Ontario’s police watchdog says Ottawa police officers did not commit a crime when they shot and killed a 56-year-old man in the ByWard Market in June.
The incident began June 25, when police were called to St. Patrick Street near Parent Avenue on reports of a man who was allegedly brandishing a knife.
According to the Special Investigations Unit (SIU) the victim (identified in the SIU report as the “Complainant”) was “of unsound mind at the time” and was “pacing in the area of the intersection, on at least one occasion speaking to his hand as if it were a cell phone,” while holding a kitchen knife in his other hand.
The first officer on the scene drew his gun and ordered the man to drop the knife. The SIU says the man did not and he began moving toward the officer.
SIU director Joseph Martino said the officer tried to calm the man down by asking his name and saying he was there to help.
“Regrettably, given his state of mind, the Complainant was unreceptive,” he wrote in his decision.
Several other officers arrived within moments of the first and also drew their guns, ordering the man to drop the knife.
One officer holstered his gun and fired his Taser, but the man kept moving and was then shot. One officer fired three shots and hit the man at least once. The other officer fired “five or six times, inflicting multiple wounds.”
Police attempted CPR and used a defibrillator on the man before paramedics arrived. He was pronounced dead at the scene. An autopsy found that he was killed by a gunshot to the chest.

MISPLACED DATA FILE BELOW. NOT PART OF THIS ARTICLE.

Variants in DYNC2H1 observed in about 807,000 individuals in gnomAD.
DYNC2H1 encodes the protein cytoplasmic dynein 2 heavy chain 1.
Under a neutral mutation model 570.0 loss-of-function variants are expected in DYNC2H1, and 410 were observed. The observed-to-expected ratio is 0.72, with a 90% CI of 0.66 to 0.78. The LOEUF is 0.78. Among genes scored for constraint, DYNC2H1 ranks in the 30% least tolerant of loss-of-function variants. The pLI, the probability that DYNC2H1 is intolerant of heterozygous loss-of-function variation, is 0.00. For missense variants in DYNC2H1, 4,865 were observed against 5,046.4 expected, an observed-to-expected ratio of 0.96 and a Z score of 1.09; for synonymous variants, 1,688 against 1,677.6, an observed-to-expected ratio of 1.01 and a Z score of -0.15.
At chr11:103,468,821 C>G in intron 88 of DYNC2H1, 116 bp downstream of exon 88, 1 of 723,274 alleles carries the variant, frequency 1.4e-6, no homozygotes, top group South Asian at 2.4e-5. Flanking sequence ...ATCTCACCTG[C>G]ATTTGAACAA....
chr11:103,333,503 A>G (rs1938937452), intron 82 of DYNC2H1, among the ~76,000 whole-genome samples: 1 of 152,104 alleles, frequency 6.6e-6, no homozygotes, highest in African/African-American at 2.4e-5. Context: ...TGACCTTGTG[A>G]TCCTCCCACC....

The SIU interviewed seven civilian witnesses and two of the responding officers. The ones who shot and killed the man declined to be interviewed, as is their legal right, but did make their notes available.
Martino said, based on the evidence, there was no reasonable grounds to lay a criminal charge against either officer, saying their gunfire “constituted reasonable force in the circumstances” because events unfolded quickly.
“Unfortunately, the use of the (Taser) did not stop the Complainant’s advance, and the officers were left with little recourse but to use their firearms to protect themselves and each other,” Martino wrote. “A physical engagement would have placed their lives at risk of grievous bodily harm or death from the knife, as would a resort to other weapons at their disposal – OC spray or a baton – without the immediate stopping power of a firearm.”
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